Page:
I’ve written recently about the (potentially) unfortunate necessity of promoting yourself as an author these days. My own basic take on this situation is that the best way to promote yourself also happens not to be the kind of boorish and/or slimy stuff you think about when using the word “promotion.”

Rather, by taking a sincere interest in the community of writers/artists/whoever around you, by engaging with that community via participation in social forums, attendance at readings/events–essentially by speaking up and being a person–you can create a social context within which your own work has meaning. Really, it’s a stupidly simple attitude and perspective shift that can help you avoid despair, or at least some of it.

Anyway, someone who’s way ahead of the game with this kind of stuff is the author/filmmaker Michael Kimball. I recommend taking a look at his blog to see what kinds of projects he involves himself in and/or invents–it’s both inspiring and plain cool. One of the projects he’s gotten a lot of attention for (NPR interview included) is called The Life Story Project.

The Life Story Project is easy to explain: he interviews people (mostly other writers or artists), and crunches their life story down to fit on a postcard, which he then mails them, and also posts to his blog. Check out the archive. It’s amazing. In 20 years, this is going to read like a who’s who of the early internet author scene. It’s not just an interesting collection of life stories, but an historical document of connections between people. What reinforces this second point, and adds a new layer of interest/complexity to the project, is that he’s now bringing in other writers/artists whose stories have already been told to interview yet more writers/artists, playing a kind of asexual Cupid.

Michael doesn’t go around talking about how this project has helped raise awareness about his own writing–even though it undoubtedly has–for two reasons: 1) it’s not about him, and 2) he’s incredibly cool and humble about the whole thing. What he will talk about is how responsive and encouraging and supportive the community has been all along.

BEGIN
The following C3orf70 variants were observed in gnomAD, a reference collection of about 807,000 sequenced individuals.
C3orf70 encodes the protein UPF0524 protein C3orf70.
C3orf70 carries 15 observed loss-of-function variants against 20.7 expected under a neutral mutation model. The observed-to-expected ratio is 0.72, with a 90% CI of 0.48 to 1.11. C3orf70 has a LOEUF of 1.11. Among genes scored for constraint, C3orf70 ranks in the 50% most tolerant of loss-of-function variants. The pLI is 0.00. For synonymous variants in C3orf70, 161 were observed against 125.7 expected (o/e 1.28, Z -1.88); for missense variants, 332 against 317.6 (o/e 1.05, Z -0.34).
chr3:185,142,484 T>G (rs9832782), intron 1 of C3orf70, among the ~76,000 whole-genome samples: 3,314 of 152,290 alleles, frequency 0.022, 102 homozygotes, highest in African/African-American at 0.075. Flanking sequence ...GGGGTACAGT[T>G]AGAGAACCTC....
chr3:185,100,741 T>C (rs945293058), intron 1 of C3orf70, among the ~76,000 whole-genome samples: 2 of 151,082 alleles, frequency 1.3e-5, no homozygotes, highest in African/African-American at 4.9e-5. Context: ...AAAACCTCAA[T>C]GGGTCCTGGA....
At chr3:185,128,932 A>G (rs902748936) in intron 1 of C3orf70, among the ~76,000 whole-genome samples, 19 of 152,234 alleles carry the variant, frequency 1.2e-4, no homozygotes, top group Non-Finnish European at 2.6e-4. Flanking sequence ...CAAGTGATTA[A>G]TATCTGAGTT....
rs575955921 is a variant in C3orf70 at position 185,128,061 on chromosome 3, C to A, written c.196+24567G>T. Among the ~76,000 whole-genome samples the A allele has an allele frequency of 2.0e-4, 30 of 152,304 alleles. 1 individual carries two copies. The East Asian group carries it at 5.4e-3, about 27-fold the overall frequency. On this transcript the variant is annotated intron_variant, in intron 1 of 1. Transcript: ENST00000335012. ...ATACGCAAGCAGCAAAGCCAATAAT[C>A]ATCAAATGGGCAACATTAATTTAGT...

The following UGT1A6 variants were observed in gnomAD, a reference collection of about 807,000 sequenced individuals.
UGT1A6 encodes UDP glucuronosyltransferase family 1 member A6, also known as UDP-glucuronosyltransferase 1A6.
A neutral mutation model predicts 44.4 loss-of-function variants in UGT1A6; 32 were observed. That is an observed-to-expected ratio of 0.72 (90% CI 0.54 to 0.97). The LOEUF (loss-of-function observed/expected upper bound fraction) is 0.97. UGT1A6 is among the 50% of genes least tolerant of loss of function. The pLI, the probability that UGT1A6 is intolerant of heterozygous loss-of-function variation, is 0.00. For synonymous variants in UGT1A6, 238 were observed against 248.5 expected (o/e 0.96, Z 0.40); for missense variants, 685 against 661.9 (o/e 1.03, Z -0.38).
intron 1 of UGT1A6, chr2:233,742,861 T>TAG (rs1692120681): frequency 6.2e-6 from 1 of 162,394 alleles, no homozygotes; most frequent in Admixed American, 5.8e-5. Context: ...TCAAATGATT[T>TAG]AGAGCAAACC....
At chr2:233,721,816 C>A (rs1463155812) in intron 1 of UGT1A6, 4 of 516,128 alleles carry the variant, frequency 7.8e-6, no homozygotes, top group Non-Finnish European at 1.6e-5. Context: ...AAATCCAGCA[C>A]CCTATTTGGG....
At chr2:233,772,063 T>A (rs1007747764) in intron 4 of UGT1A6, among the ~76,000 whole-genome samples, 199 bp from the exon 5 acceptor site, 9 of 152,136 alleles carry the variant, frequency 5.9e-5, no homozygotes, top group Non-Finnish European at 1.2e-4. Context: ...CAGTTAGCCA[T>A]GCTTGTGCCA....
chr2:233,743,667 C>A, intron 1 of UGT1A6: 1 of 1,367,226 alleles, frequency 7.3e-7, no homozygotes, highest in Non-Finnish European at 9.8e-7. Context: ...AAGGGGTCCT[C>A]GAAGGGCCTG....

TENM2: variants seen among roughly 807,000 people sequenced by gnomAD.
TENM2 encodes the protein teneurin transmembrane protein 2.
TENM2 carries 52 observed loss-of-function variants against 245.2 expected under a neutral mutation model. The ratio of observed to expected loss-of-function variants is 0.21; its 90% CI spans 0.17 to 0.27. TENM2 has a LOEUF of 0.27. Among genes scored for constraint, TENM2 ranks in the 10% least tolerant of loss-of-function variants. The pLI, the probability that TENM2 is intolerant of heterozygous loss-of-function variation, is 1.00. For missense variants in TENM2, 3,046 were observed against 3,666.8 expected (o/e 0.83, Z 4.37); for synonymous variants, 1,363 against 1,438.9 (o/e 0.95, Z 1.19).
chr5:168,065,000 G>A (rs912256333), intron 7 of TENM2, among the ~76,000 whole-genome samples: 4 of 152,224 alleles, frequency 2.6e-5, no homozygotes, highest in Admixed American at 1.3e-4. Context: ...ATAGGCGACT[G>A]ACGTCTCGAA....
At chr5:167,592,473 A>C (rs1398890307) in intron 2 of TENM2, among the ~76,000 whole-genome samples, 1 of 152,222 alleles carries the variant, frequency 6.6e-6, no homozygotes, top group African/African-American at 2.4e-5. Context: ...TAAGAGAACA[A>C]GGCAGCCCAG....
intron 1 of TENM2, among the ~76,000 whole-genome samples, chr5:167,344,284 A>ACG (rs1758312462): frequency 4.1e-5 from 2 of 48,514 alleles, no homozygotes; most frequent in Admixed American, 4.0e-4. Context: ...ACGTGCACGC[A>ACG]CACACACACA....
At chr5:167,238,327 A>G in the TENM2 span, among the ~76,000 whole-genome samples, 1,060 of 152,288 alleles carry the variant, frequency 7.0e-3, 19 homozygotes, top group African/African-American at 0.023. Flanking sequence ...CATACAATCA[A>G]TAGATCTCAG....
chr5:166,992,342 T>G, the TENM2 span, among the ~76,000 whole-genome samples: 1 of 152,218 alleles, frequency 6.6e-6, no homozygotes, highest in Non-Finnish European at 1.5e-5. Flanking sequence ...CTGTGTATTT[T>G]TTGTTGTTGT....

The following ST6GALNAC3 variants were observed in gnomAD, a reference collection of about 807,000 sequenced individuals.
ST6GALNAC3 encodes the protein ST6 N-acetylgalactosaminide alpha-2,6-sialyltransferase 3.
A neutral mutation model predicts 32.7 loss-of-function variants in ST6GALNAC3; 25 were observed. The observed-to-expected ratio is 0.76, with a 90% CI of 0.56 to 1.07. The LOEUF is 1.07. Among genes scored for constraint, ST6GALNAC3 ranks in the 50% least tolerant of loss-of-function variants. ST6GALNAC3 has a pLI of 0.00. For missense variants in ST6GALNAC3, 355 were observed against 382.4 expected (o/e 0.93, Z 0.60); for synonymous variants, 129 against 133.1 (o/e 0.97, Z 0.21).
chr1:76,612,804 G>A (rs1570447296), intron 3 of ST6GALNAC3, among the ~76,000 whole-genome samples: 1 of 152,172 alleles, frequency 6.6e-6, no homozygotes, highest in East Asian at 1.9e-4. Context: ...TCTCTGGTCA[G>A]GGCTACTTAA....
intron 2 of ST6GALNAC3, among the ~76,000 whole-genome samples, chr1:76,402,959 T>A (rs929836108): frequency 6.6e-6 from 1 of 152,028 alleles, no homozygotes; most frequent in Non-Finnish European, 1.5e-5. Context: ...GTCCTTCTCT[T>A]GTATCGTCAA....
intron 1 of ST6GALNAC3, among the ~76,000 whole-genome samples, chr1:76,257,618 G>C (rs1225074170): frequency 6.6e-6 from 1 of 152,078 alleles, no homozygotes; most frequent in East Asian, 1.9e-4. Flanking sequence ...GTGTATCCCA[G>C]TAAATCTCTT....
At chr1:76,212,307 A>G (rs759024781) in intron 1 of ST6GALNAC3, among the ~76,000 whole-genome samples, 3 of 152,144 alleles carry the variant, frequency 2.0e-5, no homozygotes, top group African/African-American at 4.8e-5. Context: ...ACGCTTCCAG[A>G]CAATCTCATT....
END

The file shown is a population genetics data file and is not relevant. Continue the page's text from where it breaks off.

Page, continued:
Anyway, here’s where I admit that, as you already know if you’ve clicked that link to the project, my own life story is now part of it–written by an author whose work I greatly admire, Kim Chinquee. What’s more, I just agreed to spread the love by writing up someone else’s life story. So here I am, writing about this project because I’m involved, and talking about Michael Kimball. See how that works?


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SHYA SCANLON is the Fiction Reviews Editor for The Nervous Breakdown. Scanlon's work has appeared in the Mississippi Review, Literary Review, New York Quarterly, Guernica Magazine, Opium Magazine, and others. His book of prose poetry, In This Alone Impulse, was published by Noemi Press in January, 2010. In 2009, his novel Forecast was serialized online across 42 journals and literary blogs as part of the Forecast 42 Project. Forecast will be published by Flatmancrooked in December, 2010. He received his MFA from Brown University, where he was awarded the John Hawkes Prize in Fiction. Please visit him at www.shyascanlon.com.

4 responses to “A Self-promotion Life Cycle”

  1. Greg Olear says:

    The cat’s out of the bag, Scanlon. Had no idea your life story was so unorthodox. More pieces about growing up on the commune!

    • Shya Scanlon says:

      Well, it dissolved when I was still quite young, so I can’t really speak to it much. It now lives primarily in my instinctual drive to create one myself–though my arrogance won’t permit me to call it anything other than “semi-permanent artists’ retreat”.

      You wanna go in on a farm upstate?

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